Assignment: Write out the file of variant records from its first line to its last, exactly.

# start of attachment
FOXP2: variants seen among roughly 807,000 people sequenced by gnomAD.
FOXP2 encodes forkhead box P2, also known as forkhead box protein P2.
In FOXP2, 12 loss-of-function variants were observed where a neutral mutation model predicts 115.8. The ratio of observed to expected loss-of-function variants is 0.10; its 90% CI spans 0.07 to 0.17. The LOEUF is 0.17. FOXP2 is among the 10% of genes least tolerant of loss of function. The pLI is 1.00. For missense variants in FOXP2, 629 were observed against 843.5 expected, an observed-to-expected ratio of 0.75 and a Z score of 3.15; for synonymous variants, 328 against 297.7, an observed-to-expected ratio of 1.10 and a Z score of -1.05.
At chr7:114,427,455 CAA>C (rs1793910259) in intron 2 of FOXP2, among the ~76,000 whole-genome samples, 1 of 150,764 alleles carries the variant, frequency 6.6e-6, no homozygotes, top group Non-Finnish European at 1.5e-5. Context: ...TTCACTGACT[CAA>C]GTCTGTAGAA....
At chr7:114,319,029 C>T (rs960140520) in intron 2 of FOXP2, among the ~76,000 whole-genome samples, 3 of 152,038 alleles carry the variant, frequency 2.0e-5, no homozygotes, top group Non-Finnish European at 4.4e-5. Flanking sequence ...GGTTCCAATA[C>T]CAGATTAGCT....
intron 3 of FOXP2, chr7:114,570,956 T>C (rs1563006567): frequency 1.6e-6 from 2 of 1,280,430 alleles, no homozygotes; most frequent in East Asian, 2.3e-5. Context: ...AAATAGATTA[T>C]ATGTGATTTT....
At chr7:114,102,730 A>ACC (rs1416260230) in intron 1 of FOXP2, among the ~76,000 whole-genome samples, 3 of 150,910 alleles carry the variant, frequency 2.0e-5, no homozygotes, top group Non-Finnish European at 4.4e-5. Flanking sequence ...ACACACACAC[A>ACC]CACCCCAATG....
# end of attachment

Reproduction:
FOXP2: variants seen among roughly 807,000 people sequenced by gnomAD.
FOXP2 encodes forkhead box P2, also known as forkhead box protein P2.
In FOXP2, 12 loss-of-function variants were observed where a neutral mutation model predicts 115.8. The ratio of observed to expected loss-of-function variants is 0.10; its 90% CI spans 0.07 to 0.17. The LOEUF is 0.17. FOXP2 is among the 10% of genes least tolerant of loss of function. The pLI is 1.00. For missense variants in FOXP2, 629 were observed against 843.5 expected, an observed-to-expected ratio of 0.75 and a Z score of 3.15; for synonymous variants, 328 against 297.7, an observed-to-expected ratio of 1.10 and a Z score of -1.05.
At chr7:114,427,455 CAA>C (rs1793910259) in intron 2 of FOXP2, among the ~76,000 whole-genome samples, 1 of 150,764 alleles carries the variant, frequency 6.6e-6, no homozygotes, top group Non-Finnish European at 1.5e-5. Context: ...TTCACTGACT[CAA>C]GTCTGTAGAA....
At chr7:114,319,029 C>T (rs960140520) in intron 2 of FOXP2, among the ~76,000 whole-genome samples, 3 of 152,038 alleles carry the variant, frequency 2.0e-5, no homozygotes, top group Non-Finnish European at 4.4e-5. Flanking sequence ...GGTTCCAATA[C>T]CAGATTAGCT....
intron 3 of FOXP2, chr7:114,570,956 T>C (rs1563006567): frequency 1.6e-6 from 2 of 1,280,430 alleles, no homozygotes; most frequent in East Asian, 2.3e-5. Context: ...AAATAGATTA[T>C]ATGTGATTTT....
At chr7:114,102,730 A>ACC (rs1416260230) in intron 1 of FOXP2, among the ~76,000 whole-genome samples, 3 of 150,910 alleles carry the variant, frequency 2.0e-5, no homozygotes, top group Non-Finnish European at 4.4e-5. Flanking sequence ...ACACACACAC[A>ACC]CACCCCAATG....